• They use many products derived from blood,yet they themselves won't donate a drop.Mostly reject 'whole blood' but use components,so this is like not outright stealing a car,but to say it's proper to steal motor,tires and transmission.Go figure.....
  • The JW blood transfusion policy has been an ever changing one from the very start. The Watchtower Organization and JW's have had MANY MANY position/belief/policy changes throughout the 100 + years that they have been around. For example: Watchtower Blood policy in 1961: “If you have reason to believe that a certain product contains blood or a blood fraction…if the label says that certain tablets contain hemoglobin…this is from blood...a Christian knows, without asking, that he should avoid such a preparation. - The Watchtower, p. 669, 11/01/1961 Watchtower Blood policy in 2006: "...when it comes to fractions of any of the primary components, each Christian, after careful and prayerful meditation, must conscientiously decide for himself." - The Watchtower, pp. 29-31, 06/15/2006 ... see also Watchtower Advance Directive, page 11, 1.3(b) Now compare this with what Jesus said in Mark 7:15-19 - "... there is nothing outside the man which can defile him if it goes into him; but the things which proceed out of the man are what defile the man. If anyone has ears to hear, let him hear. When he had left the crowd and entered the house, His disciples questioned Him about the parable. And He said to them, "Are you so lacking in understanding also? Do you not understand that whatever goes into the man from outside cannot defile him, because it does not go into his heart, but into his stomach, and is eliminated?" (Thus He declared all foods clean.)"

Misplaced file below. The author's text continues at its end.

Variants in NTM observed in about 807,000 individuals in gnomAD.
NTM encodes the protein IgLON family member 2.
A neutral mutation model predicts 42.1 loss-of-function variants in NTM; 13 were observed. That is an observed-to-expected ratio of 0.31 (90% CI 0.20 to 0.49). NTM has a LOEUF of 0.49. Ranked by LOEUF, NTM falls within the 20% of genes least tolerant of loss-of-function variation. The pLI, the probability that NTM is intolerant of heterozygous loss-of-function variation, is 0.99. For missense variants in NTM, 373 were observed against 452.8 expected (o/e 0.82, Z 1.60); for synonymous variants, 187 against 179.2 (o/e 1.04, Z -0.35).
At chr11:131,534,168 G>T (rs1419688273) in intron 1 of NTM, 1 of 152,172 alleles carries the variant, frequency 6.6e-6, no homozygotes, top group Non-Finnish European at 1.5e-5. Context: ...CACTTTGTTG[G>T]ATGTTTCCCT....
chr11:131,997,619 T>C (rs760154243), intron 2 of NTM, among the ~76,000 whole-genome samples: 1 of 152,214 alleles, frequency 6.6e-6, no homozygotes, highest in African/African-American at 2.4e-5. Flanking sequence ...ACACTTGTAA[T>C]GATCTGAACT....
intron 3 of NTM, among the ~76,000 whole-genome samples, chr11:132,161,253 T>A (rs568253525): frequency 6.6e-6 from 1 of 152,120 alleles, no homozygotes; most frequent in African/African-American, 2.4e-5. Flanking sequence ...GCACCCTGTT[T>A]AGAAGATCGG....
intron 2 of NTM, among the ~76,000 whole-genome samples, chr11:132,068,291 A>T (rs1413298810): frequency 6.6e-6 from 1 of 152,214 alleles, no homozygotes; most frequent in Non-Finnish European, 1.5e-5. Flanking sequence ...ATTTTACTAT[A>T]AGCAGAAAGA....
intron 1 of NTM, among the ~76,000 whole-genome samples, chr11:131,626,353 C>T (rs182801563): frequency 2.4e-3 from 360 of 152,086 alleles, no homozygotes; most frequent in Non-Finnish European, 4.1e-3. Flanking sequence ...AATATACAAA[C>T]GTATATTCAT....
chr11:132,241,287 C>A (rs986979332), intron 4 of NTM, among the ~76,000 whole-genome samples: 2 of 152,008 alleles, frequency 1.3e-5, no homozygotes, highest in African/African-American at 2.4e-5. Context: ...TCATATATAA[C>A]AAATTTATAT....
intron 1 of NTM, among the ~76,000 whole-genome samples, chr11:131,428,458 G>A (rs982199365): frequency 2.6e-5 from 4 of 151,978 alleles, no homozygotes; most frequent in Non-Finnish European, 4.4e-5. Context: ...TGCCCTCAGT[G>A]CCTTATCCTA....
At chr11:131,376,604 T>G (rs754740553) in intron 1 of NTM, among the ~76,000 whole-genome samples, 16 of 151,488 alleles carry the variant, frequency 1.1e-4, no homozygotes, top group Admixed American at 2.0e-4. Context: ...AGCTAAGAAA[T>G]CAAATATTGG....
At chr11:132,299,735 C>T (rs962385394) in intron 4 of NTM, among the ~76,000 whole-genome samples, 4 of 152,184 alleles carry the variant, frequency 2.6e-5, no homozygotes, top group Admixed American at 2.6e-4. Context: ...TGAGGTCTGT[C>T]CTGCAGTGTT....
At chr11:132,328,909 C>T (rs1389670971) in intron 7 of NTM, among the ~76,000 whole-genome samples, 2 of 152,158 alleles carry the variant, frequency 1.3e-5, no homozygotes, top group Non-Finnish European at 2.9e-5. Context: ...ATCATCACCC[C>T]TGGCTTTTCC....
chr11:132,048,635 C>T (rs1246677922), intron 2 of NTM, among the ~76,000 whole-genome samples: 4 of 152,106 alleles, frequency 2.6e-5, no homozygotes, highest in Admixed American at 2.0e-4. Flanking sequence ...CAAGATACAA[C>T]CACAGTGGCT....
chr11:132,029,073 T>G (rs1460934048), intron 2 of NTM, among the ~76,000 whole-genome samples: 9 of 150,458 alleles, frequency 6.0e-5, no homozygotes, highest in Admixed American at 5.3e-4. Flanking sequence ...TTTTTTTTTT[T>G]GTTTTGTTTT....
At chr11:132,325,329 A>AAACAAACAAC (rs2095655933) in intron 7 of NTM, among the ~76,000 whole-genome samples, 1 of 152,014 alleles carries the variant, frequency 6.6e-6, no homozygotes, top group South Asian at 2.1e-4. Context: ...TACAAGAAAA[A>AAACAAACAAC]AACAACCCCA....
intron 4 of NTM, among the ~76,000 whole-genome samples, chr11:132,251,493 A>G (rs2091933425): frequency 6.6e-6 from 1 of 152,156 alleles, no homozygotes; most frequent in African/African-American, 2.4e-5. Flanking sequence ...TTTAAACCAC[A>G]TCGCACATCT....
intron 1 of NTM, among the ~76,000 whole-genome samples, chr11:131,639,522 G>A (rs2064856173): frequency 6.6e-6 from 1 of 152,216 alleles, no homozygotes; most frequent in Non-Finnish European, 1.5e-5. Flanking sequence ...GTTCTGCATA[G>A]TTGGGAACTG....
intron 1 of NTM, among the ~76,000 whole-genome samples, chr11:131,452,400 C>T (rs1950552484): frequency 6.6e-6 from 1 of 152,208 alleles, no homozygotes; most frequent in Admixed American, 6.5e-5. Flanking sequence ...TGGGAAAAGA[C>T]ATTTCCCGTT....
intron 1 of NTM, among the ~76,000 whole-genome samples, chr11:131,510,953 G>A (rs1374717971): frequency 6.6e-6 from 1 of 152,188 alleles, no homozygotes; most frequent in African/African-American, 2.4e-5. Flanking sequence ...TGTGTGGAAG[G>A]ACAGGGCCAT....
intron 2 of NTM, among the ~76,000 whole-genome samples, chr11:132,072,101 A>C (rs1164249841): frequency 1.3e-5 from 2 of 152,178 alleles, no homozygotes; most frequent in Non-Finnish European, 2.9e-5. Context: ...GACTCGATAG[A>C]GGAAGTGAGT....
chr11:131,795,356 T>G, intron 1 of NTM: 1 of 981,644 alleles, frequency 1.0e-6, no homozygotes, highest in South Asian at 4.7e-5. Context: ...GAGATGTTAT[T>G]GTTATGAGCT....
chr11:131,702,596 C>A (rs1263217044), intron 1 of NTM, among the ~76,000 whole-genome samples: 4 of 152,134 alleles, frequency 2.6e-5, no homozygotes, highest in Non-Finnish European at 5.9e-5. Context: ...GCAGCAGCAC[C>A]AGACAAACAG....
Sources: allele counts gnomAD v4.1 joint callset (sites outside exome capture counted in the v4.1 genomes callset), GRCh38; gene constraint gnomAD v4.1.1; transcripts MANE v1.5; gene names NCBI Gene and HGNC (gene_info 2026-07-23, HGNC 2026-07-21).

• What Jehovah’s Witnesses will accept and will not accept is clearly explained by this Website from one of the leading hospitals in the North East U.S.A.
  • I know they eat meat.